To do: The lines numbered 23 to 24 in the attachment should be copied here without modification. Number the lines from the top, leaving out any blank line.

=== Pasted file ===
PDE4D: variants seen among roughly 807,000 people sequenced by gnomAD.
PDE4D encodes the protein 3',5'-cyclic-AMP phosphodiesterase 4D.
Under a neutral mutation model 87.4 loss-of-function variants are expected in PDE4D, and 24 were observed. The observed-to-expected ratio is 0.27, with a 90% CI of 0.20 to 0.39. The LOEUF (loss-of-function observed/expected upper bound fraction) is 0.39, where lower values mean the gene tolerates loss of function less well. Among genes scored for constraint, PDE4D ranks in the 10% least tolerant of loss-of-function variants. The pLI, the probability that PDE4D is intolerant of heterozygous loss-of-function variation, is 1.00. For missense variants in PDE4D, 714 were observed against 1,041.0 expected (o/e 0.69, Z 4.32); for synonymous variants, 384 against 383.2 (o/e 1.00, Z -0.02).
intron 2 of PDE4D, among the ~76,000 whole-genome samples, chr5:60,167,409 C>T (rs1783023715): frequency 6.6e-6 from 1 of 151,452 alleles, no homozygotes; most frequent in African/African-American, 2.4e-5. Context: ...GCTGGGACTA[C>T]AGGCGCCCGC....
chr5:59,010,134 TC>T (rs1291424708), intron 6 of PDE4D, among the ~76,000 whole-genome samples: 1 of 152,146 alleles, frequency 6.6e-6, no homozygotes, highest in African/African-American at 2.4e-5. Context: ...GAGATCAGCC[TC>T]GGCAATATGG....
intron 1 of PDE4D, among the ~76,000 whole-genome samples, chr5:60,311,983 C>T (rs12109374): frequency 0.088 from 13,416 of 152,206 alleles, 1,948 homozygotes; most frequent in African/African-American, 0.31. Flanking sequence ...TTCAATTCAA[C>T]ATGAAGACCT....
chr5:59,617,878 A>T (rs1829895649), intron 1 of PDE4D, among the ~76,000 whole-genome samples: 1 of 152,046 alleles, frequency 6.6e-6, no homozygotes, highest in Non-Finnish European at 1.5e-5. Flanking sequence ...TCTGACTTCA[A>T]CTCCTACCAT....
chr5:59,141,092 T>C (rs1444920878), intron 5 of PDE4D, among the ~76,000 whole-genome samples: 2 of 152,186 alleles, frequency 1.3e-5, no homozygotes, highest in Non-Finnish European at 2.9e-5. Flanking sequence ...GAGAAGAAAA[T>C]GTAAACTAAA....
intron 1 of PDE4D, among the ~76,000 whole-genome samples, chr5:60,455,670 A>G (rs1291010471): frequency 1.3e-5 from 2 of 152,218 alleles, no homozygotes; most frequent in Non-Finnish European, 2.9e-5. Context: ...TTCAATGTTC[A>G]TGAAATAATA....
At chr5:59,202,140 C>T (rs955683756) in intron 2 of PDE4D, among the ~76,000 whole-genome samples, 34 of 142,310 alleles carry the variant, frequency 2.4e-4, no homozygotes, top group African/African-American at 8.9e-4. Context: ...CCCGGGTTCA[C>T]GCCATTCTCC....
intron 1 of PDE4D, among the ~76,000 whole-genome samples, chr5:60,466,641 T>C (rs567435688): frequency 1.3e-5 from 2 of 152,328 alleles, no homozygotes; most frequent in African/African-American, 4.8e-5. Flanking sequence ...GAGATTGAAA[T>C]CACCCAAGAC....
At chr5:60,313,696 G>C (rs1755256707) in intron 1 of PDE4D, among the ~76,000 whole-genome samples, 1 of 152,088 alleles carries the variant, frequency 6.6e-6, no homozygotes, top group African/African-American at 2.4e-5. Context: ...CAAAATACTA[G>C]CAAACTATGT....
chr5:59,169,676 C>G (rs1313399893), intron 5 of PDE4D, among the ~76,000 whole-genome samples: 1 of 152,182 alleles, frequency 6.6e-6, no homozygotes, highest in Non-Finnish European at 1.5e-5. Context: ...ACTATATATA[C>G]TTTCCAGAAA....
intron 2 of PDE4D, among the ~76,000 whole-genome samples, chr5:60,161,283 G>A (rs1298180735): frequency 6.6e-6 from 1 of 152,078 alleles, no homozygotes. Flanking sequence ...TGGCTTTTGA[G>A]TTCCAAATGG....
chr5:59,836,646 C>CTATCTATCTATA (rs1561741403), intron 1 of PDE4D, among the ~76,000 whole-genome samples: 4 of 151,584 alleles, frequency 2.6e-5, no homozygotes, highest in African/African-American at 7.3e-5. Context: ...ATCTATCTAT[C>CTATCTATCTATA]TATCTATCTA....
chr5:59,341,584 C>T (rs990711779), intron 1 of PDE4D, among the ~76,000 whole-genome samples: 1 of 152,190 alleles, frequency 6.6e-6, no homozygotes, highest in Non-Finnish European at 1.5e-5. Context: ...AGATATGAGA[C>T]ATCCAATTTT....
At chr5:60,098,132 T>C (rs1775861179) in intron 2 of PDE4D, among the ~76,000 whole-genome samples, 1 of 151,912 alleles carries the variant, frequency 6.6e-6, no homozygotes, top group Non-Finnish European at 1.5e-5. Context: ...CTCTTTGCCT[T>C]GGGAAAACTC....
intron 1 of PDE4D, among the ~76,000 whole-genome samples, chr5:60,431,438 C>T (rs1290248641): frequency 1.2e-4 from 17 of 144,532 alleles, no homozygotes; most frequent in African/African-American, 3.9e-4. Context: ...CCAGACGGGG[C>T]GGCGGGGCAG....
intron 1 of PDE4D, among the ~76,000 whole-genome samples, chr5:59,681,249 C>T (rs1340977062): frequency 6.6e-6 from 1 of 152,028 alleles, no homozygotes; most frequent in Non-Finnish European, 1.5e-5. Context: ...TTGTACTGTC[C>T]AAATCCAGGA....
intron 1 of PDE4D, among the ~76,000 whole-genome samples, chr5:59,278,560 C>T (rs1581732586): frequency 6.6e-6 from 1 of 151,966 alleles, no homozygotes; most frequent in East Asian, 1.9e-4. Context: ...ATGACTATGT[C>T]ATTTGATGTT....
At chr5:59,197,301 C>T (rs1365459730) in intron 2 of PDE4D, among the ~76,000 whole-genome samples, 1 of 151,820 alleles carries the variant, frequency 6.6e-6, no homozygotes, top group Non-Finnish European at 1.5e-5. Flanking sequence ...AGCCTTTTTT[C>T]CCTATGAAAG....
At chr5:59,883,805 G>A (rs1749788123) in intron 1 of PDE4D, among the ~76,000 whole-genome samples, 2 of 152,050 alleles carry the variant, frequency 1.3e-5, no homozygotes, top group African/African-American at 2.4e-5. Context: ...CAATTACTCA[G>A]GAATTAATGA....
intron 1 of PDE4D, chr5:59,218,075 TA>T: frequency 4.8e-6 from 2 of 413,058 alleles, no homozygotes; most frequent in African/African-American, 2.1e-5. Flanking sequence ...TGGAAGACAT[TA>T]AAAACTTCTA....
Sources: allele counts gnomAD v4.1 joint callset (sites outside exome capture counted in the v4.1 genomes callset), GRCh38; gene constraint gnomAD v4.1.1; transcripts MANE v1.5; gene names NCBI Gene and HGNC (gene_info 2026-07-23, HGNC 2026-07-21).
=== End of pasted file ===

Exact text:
intron 1 of PDE4D, chr5:59,218,075 TA>T: frequency 4.8e-6 from 2 of 413,058 alleles, no homozygotes; most frequent in African/African-American, 2.1e-5. Flanking sequence ...TGGAAGACAT[TA>T]AAAACTTCTA....
Sources: allele counts gnomAD v4.1 joint callset (sites outside exome capture counted in the v4.1 genomes callset), GRCh38; gene constraint gnomAD v4.1.1; transcripts MANE v1.5; gene names NCBI Gene and HGNC (gene_info 2026-07-23, HGNC 2026-07-21).